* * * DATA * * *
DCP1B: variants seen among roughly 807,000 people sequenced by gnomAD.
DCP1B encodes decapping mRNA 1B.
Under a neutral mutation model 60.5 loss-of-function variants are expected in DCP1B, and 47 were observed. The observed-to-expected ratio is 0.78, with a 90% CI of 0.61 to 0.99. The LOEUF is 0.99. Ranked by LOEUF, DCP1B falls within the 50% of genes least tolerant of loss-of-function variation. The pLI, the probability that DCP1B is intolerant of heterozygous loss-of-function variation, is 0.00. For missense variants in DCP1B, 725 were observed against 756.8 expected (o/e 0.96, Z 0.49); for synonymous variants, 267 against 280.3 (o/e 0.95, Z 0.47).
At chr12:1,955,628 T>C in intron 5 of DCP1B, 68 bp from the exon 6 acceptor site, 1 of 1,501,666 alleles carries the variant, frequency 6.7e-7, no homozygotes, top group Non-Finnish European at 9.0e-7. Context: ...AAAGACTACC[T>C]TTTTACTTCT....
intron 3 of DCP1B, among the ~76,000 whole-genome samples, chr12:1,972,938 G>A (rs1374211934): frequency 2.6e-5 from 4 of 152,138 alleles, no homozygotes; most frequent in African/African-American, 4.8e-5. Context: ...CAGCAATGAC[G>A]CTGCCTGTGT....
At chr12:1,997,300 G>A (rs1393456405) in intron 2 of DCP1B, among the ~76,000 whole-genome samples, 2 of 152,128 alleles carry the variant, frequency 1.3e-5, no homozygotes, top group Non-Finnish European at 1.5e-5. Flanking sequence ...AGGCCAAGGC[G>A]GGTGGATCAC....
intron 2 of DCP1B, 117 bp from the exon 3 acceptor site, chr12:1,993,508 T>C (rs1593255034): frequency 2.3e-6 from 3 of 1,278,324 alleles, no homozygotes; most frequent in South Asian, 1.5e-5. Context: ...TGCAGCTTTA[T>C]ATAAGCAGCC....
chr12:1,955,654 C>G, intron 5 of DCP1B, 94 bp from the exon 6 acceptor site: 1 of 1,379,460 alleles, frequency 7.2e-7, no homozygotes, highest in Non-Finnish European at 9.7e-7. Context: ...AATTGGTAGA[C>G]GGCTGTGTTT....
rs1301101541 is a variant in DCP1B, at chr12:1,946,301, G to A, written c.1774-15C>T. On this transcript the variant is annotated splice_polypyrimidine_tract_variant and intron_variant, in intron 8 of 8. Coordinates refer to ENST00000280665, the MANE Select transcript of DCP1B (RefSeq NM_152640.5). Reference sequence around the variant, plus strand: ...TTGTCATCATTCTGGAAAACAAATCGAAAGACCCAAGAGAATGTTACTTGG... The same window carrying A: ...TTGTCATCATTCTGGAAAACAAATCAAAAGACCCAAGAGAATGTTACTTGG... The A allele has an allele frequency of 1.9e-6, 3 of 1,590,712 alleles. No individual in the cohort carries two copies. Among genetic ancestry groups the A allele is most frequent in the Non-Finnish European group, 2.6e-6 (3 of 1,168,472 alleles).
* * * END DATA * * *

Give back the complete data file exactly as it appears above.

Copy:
DCP1B: variants seen among roughly 807,000 people sequenced by gnomAD.
DCP1B encodes decapping mRNA 1B.
Under a neutral mutation model 60.5 loss-of-function variants are expected in DCP1B, and 47 were observed. The observed-to-expected ratio is 0.78, with a 90% CI of 0.61 to 0.99. The LOEUF is 0.99. Ranked by LOEUF, DCP1B falls within the 50% of genes least tolerant of loss-of-function variation. The pLI, the probability that DCP1B is intolerant of heterozygous loss-of-function variation, is 0.00. For missense variants in DCP1B, 725 were observed against 756.8 expected (o/e 0.96, Z 0.49); for synonymous variants, 267 against 280.3 (o/e 0.95, Z 0.47).
At chr12:1,955,628 T>C in intron 5 of DCP1B, 68 bp from the exon 6 acceptor site, 1 of 1,501,666 alleles carries the variant, frequency 6.7e-7, no homozygotes, top group Non-Finnish European at 9.0e-7. Context: ...AAAGACTACC[T>C]TTTTACTTCT....
intron 3 of DCP1B, among the ~76,000 whole-genome samples, chr12:1,972,938 G>A (rs1374211934): frequency 2.6e-5 from 4 of 152,138 alleles, no homozygotes; most frequent in African/African-American, 4.8e-5. Context: ...CAGCAATGAC[G>A]CTGCCTGTGT....
At chr12:1,997,300 G>A (rs1393456405) in intron 2 of DCP1B, among the ~76,000 whole-genome samples, 2 of 152,128 alleles carry the variant, frequency 1.3e-5, no homozygotes, top group Non-Finnish European at 1.5e-5. Flanking sequence ...AGGCCAAGGC[G>A]GGTGGATCAC....
intron 2 of DCP1B, 117 bp from the exon 3 acceptor site, chr12:1,993,508 T>C (rs1593255034): frequency 2.3e-6 from 3 of 1,278,324 alleles, no homozygotes; most frequent in South Asian, 1.5e-5. Context: ...TGCAGCTTTA[T>C]ATAAGCAGCC....
chr12:1,955,654 C>G, intron 5 of DCP1B, 94 bp from the exon 6 acceptor site: 1 of 1,379,460 alleles, frequency 7.2e-7, no homozygotes, highest in Non-Finnish European at 9.7e-7. Context: ...AATTGGTAGA[C>G]GGCTGTGTTT....
rs1301101541 is a variant in DCP1B, at chr12:1,946,301, G to A, written c.1774-15C>T. On this transcript the variant is annotated splice_polypyrimidine_tract_variant and intron_variant, in intron 8 of 8. Coordinates refer to ENST00000280665, the MANE Select transcript of DCP1B (RefSeq NM_152640.5). Reference sequence around the variant, plus strand: ...TTGTCATCATTCTGGAAAACAAATCGAAAGACCCAAGAGAATGTTACTTGG... The same window carrying A: ...TTGTCATCATTCTGGAAAACAAATCAAAAGACCCAAGAGAATGTTACTTGG... The A allele has an allele frequency of 1.9e-6, 3 of 1,590,712 alleles. No individual in the cohort carries two copies. Among genetic ancestry groups the A allele is most frequent in the Non-Finnish European group, 2.6e-6 (3 of 1,168,472 alleles).